For example, I think there is a larger, important conversation we are not having–and we need to have–about arts education or the lack thereof in this country, and how this disproportionately affects lower income students. I personally would love to see more organizations investing in a real way in creating opportunities for younger students without access to music education to be exposed to it, to receive training, and to support them through scholarships and mentorships towards participating in public performances, music competitions, auditions, festivals, etc. Many of the problems that lead to inadequate representation at the highest levels of music organizations begin with a lack of opportunities at earlier levels, and I personally would love to see this very real problem addressed by more of the organizations wanting to be a part of improving these disparities.

How have your conversations with students about pursuing a life and career in music changed since the beginning of the pandemic?

There’s just so much uncertainty right now that I can’t pretend to have concrete answers for my students, just general advice that I think has always been relevant to our field, heightened in relation to this crisis. For example, in the face of this uncertainty, one thing every musician is having to do is to be adaptable–to look at the changing rules for performance, new medical advice about performing, funding and grants, ticket sales and the like, and reimagine how to proceed for this month, this Fall, next year and onwards. And that necessitates not only an ability to pivot and be extremely flexible in reimagining plans, but also to have the business skills to see where the opportunities lie in this landscape, to create your own opportunities, and to have sufficient technological awareness and skills to be able to adapt. These four elements–flexibility, creating your own opportunities, business skills, and technological skills–have been at the core of working as a musician at least as long as I have been doing it, and I think in this time we find that they are all the more critical.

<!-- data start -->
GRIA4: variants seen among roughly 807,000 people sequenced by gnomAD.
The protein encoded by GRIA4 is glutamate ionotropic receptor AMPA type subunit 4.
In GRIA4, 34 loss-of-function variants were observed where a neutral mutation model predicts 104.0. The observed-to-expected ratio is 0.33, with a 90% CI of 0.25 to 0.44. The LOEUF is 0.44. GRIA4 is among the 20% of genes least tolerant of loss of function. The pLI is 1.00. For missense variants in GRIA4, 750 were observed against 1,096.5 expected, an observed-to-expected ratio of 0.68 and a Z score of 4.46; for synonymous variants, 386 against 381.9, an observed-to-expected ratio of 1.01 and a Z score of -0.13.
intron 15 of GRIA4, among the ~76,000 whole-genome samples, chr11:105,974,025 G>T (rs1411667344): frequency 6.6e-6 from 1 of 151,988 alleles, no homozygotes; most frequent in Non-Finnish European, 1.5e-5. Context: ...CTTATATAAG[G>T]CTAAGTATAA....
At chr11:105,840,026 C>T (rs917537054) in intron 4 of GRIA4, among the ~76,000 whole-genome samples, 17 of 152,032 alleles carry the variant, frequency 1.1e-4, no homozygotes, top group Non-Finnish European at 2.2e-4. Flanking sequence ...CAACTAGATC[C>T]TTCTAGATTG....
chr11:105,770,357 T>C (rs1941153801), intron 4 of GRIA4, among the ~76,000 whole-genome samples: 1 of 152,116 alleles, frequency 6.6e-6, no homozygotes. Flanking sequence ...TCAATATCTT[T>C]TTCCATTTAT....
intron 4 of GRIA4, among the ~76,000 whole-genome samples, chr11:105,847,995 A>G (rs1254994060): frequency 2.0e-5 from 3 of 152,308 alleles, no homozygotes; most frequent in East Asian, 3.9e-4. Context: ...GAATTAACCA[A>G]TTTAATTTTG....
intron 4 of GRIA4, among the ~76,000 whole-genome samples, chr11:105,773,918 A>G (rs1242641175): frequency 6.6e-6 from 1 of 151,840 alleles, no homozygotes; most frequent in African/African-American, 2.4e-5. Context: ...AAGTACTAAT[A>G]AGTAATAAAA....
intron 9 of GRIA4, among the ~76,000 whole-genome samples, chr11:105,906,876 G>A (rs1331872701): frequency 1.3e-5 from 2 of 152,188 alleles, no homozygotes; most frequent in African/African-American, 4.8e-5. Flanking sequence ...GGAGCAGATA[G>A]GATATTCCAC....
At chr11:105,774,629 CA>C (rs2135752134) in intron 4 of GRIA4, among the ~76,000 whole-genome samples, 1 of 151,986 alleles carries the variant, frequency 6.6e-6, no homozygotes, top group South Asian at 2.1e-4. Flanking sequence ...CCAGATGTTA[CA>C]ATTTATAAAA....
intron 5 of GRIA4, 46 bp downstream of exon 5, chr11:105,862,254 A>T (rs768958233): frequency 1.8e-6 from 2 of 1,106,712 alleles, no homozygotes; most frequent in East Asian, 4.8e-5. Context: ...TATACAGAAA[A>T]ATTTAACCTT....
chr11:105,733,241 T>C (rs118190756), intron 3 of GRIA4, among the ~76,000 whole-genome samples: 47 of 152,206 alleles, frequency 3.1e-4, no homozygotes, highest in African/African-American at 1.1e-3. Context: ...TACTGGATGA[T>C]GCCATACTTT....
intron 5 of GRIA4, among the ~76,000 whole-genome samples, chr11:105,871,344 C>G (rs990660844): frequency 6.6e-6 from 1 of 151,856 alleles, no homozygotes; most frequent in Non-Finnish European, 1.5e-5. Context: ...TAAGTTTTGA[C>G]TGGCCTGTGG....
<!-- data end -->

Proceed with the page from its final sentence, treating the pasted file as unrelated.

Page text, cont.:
What advice did you receive from mentors when you were deciding to become a composer, and did you have to face detractors?

There is a wonderful piece of advice that one of my teachers gave me a long time ago that has stayed with me ever since. She said that (speaking of being a woman composer) I would run into both circumstances where people would not take me seriously because I am a woman, but also situations where I would find opportunities precisely because I am a woman. And fifteen years on from that conversation, she has been completely right. That same premise has also held with my work as someone from another country and culture–it has come with advantages and disadvantages both. Fortunately I’ve been lucky to have some truly wonderful mentors over the years, and really just prefer to focus on the work that’s important to me and people I enjoy working with.